September 7th, 2011
02:15 PM ET
By Dan Gilgoff, CNN
(CNN) - A handful of progressive Christian leaders are joining the mostly conservative chorus of religious leaders who are criticizing New York Mayor Michael Bloomberg for excluding clergy from this weekend’s 9/11 commemoration event at ground zero.
But there’s a twist.
In addition to criticizing Bloomberg, progressive religious leaders are also taking aim at prominent conservatives who’ve blasted Bloomberg in recent days, alleging that those critics are stoking division at a time that calls for national unity.
The group is planning a press conference near ground zero on Friday to stress that “religion should not be excluded from 9/11 remembrances” but to also “urge unity, not division, on 9/11,” according to a Tuesday press release.
The Friday press conference, which will overlook ground zero, will feature Jim Wallis, who leads the evangelical social justice group Sojourners; the Rev. Floyd Flake, a prominent New York pastor and former Democratic congressman; and Geoff Tunnicliffe, who heads the World Evangelical Alliance.
“Mayor Bloomberg made an understandable but regrettable decision,” said Tim King, communications director for Sojourners, an evangelical Christian social justice group that is helping to plan the press conference.
“Religion, and religious leaders, have caused a lot of unnecessary conflict and controversy,” King wrote in an e-mail message. “But avoiding religion entirely does not get to the root of the problem.”
“The answer is better religion,” King continued. “And to those religious leaders who are stirring up a media controversy about this decision ... you are showing exactly why Mayor Bloomberg didn’t want you there in the first place.”
Since The Wall Street Journal first reported last month that the 10th anniversary September 11 anniversary event – which will be attended by President Barack Obama and former President George W. Bush, among other leaders - will exclude clergy and formal prayers, conservative Christians have vented outrage.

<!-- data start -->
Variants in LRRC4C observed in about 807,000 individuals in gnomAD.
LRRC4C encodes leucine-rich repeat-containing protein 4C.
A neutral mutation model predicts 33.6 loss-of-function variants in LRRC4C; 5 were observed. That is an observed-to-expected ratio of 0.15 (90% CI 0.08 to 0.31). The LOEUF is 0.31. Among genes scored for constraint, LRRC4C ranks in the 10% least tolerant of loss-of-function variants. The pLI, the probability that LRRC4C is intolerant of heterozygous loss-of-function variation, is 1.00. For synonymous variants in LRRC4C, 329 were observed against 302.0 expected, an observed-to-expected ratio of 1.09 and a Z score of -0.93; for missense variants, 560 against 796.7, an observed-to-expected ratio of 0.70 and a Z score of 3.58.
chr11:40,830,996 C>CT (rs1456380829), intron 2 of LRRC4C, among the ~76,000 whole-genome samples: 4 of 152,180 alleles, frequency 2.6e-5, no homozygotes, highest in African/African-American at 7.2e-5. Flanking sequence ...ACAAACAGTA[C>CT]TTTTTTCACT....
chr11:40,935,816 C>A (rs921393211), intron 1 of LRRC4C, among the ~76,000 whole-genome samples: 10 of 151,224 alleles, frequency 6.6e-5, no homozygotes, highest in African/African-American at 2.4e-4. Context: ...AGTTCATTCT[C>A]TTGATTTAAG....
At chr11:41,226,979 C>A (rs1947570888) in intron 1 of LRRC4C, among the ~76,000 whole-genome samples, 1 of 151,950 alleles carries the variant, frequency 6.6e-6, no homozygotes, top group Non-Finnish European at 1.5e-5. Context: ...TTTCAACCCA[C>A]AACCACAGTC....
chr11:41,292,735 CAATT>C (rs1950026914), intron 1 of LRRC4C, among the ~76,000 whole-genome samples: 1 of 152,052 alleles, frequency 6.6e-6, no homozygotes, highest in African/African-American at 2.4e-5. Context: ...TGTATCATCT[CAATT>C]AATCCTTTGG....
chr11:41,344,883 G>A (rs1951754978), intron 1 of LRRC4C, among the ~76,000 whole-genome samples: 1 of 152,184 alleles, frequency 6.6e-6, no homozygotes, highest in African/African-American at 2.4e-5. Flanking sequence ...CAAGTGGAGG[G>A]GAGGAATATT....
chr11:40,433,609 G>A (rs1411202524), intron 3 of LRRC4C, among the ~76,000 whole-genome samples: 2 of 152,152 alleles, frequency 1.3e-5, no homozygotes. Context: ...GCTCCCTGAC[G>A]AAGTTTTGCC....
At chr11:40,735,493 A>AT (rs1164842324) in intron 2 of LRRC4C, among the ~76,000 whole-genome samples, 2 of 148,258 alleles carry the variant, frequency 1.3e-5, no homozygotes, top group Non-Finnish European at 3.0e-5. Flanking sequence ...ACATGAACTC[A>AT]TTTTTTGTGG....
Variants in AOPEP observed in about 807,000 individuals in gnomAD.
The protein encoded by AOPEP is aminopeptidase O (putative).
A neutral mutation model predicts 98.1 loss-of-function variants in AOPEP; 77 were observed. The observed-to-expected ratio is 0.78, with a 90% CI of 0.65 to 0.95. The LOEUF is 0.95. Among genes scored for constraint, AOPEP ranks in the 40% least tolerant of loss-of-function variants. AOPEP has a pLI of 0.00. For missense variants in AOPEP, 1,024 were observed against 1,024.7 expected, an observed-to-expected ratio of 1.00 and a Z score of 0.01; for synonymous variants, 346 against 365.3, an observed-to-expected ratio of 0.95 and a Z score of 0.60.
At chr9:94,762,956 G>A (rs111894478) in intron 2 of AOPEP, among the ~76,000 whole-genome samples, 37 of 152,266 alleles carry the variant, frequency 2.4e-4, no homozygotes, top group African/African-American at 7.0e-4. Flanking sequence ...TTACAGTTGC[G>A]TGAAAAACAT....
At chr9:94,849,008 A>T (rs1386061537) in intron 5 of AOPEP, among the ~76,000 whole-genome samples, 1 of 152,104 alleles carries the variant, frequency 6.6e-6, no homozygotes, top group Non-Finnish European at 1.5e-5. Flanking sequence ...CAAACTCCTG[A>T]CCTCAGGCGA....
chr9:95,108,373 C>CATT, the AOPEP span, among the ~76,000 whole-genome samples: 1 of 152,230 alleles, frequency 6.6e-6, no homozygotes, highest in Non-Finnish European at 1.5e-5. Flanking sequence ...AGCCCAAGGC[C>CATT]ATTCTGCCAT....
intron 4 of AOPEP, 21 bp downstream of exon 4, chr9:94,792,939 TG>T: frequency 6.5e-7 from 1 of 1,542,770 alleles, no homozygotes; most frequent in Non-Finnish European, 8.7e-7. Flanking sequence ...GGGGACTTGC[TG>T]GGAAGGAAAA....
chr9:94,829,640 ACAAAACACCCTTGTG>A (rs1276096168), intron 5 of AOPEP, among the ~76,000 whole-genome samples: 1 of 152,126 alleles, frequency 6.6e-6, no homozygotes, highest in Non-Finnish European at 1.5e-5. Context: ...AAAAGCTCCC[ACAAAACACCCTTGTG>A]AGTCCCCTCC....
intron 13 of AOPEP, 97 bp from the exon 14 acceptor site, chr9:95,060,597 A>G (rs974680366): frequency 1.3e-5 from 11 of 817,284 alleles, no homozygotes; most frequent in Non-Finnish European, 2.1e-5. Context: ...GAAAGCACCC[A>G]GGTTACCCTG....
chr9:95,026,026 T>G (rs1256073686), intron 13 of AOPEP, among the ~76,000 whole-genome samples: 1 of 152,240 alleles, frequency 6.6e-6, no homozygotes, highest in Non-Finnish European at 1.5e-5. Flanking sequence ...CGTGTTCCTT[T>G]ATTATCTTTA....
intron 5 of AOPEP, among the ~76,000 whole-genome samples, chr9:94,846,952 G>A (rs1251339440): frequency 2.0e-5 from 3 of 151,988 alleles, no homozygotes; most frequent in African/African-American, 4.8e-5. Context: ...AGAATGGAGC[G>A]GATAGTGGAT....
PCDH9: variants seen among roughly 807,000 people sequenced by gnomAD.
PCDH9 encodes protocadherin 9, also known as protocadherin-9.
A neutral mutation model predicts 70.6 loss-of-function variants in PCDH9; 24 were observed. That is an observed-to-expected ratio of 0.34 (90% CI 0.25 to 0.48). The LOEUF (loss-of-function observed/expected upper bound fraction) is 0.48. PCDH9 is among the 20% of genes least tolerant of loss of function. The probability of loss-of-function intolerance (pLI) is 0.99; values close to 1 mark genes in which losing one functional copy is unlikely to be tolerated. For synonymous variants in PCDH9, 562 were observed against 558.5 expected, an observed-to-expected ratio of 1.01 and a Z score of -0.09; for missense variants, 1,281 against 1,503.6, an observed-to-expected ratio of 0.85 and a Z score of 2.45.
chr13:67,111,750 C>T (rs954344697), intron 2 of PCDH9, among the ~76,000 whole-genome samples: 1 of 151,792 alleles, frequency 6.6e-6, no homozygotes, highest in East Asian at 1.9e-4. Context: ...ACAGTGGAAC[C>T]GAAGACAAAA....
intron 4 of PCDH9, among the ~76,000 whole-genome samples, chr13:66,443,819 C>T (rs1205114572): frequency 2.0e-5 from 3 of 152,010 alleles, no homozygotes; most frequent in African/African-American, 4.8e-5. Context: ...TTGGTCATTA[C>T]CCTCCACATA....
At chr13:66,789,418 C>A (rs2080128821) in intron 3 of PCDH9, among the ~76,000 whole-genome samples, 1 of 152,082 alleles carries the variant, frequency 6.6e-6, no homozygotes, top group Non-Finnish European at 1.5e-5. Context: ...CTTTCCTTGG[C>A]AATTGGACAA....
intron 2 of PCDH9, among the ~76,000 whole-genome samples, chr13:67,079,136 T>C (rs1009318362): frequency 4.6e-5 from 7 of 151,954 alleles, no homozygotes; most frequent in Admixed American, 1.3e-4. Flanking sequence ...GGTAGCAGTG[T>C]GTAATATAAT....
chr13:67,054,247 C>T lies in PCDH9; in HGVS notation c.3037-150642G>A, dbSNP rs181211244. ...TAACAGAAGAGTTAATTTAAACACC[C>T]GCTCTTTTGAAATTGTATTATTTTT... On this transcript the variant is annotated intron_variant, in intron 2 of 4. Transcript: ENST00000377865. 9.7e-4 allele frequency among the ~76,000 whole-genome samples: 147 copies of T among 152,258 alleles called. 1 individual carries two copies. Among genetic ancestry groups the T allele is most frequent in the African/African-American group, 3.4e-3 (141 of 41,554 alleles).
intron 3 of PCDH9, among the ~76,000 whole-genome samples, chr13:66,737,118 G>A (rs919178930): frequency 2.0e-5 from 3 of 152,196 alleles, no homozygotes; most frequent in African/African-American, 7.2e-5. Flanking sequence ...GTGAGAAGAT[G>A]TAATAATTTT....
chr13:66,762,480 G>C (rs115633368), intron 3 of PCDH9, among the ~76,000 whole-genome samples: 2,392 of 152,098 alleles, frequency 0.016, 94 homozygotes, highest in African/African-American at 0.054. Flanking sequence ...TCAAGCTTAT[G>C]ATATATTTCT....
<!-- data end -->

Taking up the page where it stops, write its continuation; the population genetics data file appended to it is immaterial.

“The clergy gag rule is being instituted to avoid ‘disagreements over which religious leaders participate.’ But since when has this been an issue?” wrote Bill Donohue, president of the Catholic League for Religious and Civil Rights, in recent e-mail message to supporters.
“Plenty of clergy, including an imam, spoke at an interfaith service at Yankee Stadium after the attacks, and they managed to pull it off without a problem,” he wrote. “Why would it be any different this time?”
Bloomberg’s office has defended the mayor's decision on clergy.
"The ceremony was designed in coordination with 9/11 families with a mixture of readings that are spiritual, historical and personal in nature," Evelyn Erskine, a Bloomberg spokeswoman, said in an e-mail to CNN in late August.
"It has been widely supported for the past 10 years and rather than have disagreements over which religious leaders participate we would like to keep the focus of our commemoration ceremony on the family members of those who died," she wrote.
There have been 10 ceremonies at ground zero in New York to pause and remember the events of 9/11, one six months after the attack and on September 11 each following year.
Spirituality and religion have been reserved for the moments of silence in those events.
In past ceremonies, four moments of silence were observed to mark when each tower was struck and when each tower fell.
For this year's ceremony, organizers added two additional moments of silence to recognize the strike on the Pentagon and in Shanksville, Pennsylvania.
"This year's six moments of silence allow every individual a time for personal and religious introspection," Erskine said.
Throughout the city there will be other prayer events leading up to September 11.
–CNN's Eric Marrapodi contributed to this report.
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The CNN Belief Blog covers the faith angles of the day's biggest stories, from breaking news to politics to entertainment, fostering a global conversation about the role of religion and belief in readers' lives. It's edited by CNN's Daniel Burke with contributions from Eric Marrapodi and CNN's worldwide news gathering team.